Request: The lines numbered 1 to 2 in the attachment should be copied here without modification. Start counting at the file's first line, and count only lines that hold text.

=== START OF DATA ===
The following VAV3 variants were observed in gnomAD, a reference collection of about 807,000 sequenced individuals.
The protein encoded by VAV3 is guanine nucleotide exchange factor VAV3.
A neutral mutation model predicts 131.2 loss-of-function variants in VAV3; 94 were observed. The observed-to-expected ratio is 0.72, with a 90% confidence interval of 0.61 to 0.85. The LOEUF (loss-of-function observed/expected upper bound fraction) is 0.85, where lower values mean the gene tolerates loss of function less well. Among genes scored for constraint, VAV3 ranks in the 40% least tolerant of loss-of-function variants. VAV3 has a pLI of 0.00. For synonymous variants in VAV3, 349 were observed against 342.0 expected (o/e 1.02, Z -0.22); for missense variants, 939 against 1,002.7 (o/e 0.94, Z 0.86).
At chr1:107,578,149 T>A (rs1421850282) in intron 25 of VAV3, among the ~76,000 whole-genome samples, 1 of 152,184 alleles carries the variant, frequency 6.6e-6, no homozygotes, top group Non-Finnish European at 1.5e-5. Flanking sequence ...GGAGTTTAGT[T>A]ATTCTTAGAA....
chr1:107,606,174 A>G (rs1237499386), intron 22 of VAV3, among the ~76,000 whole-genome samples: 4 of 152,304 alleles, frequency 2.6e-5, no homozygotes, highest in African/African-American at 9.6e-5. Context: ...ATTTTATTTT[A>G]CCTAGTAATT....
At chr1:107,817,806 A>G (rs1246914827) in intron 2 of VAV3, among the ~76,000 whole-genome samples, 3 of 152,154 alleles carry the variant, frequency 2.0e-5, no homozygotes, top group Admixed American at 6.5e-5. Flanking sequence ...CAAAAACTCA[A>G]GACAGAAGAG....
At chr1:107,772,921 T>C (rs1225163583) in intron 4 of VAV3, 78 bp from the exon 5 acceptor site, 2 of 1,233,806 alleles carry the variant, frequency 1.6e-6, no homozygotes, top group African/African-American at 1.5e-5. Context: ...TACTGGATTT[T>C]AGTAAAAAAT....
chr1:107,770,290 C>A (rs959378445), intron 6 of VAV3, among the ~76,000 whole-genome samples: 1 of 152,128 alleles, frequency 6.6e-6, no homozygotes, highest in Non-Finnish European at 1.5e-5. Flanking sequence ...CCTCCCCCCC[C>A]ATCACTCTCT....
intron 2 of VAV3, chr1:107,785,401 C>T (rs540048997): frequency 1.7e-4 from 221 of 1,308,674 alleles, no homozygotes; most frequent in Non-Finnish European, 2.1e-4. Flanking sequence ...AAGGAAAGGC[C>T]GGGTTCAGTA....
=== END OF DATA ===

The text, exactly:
The following VAV3 variants were observed in gnomAD, a reference collection of about 807,000 sequenced individuals.
The protein encoded by VAV3 is guanine nucleotide exchange factor VAV3.